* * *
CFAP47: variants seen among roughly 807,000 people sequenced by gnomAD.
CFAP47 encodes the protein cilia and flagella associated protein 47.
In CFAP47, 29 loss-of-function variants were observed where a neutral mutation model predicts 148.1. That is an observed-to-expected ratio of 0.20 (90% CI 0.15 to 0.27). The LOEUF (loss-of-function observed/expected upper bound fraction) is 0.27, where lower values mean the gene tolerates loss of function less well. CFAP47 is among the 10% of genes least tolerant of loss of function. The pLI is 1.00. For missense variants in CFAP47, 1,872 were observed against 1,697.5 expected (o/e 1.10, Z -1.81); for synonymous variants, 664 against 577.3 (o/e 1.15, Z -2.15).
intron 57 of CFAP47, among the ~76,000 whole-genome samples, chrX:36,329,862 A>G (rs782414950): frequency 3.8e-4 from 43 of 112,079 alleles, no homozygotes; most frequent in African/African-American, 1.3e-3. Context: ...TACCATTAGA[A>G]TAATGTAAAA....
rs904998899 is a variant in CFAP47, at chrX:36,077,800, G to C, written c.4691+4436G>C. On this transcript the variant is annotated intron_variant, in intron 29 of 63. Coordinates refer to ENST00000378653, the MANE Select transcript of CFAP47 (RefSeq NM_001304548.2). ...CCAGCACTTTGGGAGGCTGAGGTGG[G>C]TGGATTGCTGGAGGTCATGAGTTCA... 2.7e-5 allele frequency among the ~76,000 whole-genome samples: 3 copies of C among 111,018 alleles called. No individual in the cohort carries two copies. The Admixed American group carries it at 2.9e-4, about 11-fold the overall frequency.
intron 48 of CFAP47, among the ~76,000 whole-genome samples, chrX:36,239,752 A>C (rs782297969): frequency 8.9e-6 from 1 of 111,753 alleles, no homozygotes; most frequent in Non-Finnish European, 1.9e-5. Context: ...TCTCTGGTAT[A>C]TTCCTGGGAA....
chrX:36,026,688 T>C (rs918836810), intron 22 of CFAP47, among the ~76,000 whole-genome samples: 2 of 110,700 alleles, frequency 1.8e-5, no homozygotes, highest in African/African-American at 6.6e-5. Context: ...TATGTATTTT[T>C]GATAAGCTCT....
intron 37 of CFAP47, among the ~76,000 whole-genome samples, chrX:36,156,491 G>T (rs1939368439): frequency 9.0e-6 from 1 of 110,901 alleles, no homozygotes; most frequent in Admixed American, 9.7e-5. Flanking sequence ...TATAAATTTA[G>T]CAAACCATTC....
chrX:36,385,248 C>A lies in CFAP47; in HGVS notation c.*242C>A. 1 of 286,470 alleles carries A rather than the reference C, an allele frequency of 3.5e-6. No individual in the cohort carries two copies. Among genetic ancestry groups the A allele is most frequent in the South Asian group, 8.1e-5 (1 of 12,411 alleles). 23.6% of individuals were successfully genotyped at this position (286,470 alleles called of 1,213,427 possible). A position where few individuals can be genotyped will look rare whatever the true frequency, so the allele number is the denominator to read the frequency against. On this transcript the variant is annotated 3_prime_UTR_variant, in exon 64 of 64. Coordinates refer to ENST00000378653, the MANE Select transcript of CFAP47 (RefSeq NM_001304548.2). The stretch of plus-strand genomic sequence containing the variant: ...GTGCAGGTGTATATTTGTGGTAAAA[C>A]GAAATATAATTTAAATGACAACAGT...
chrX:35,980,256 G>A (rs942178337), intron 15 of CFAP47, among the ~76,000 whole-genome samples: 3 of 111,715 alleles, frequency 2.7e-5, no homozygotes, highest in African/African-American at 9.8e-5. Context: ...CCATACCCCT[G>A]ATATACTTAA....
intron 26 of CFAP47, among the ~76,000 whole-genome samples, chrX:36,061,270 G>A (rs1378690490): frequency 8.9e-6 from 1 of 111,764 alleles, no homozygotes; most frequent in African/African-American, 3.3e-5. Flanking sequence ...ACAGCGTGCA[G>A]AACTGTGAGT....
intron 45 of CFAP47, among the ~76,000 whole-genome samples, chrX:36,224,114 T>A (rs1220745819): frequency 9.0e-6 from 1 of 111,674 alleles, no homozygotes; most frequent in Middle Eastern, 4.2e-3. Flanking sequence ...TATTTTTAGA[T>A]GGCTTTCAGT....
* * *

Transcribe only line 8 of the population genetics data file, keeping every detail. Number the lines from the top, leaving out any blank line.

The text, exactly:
intron 37 of CFAP47, among the ~76,000 whole-genome samples, chrX:36,156,491 G>T (rs1939368439): frequency 9.0e-6 from 1 of 110,901 alleles, no homozygotes; most frequent in Admixed American, 9.7e-5. Flanking sequence ...TATAAATTTA[G>T]CAAACCATTC....